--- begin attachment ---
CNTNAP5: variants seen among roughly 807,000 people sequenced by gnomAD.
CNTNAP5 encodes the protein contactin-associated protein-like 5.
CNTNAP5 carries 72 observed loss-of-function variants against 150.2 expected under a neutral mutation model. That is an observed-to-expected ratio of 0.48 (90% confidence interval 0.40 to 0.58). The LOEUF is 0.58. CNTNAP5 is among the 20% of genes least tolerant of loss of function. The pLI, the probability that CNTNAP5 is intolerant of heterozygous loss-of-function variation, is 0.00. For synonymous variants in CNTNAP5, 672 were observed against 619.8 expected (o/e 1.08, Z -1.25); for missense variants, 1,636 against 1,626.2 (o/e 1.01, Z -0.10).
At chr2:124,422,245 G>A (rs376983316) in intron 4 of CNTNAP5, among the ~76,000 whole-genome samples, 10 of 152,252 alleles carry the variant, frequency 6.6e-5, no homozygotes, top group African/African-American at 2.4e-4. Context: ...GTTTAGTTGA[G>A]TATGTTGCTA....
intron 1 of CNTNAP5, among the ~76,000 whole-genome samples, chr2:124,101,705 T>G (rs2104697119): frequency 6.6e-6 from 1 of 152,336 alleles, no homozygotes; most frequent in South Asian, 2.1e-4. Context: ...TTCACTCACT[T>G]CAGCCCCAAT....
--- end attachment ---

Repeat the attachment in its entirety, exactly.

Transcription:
CNTNAP5: variants seen among roughly 807,000 people sequenced by gnomAD.
CNTNAP5 encodes the protein contactin-associated protein-like 5.
CNTNAP5 carries 72 observed loss-of-function variants against 150.2 expected under a neutral mutation model. That is an observed-to-expected ratio of 0.48 (90% confidence interval 0.40 to 0.58). The LOEUF is 0.58. CNTNAP5 is among the 20% of genes least tolerant of loss of function. The pLI, the probability that CNTNAP5 is intolerant of heterozygous loss-of-function variation, is 0.00. For synonymous variants in CNTNAP5, 672 were observed against 619.8 expected (o/e 1.08, Z -1.25); for missense variants, 1,636 against 1,626.2 (o/e 1.01, Z -0.10).
At chr2:124,422,245 G>A (rs376983316) in intron 4 of CNTNAP5, among the ~76,000 whole-genome samples, 10 of 152,252 alleles carry the variant, frequency 6.6e-5, no homozygotes, top group African/African-American at 2.4e-4. Context: ...GTTTAGTTGA[G>A]TATGTTGCTA....
intron 1 of CNTNAP5, among the ~76,000 whole-genome samples, chr2:124,101,705 T>G (rs2104697119): frequency 6.6e-6 from 1 of 152,336 alleles, no homozygotes; most frequent in South Asian, 2.1e-4. Context: ...TTCACTCACT[T>G]CAGCCCCAAT....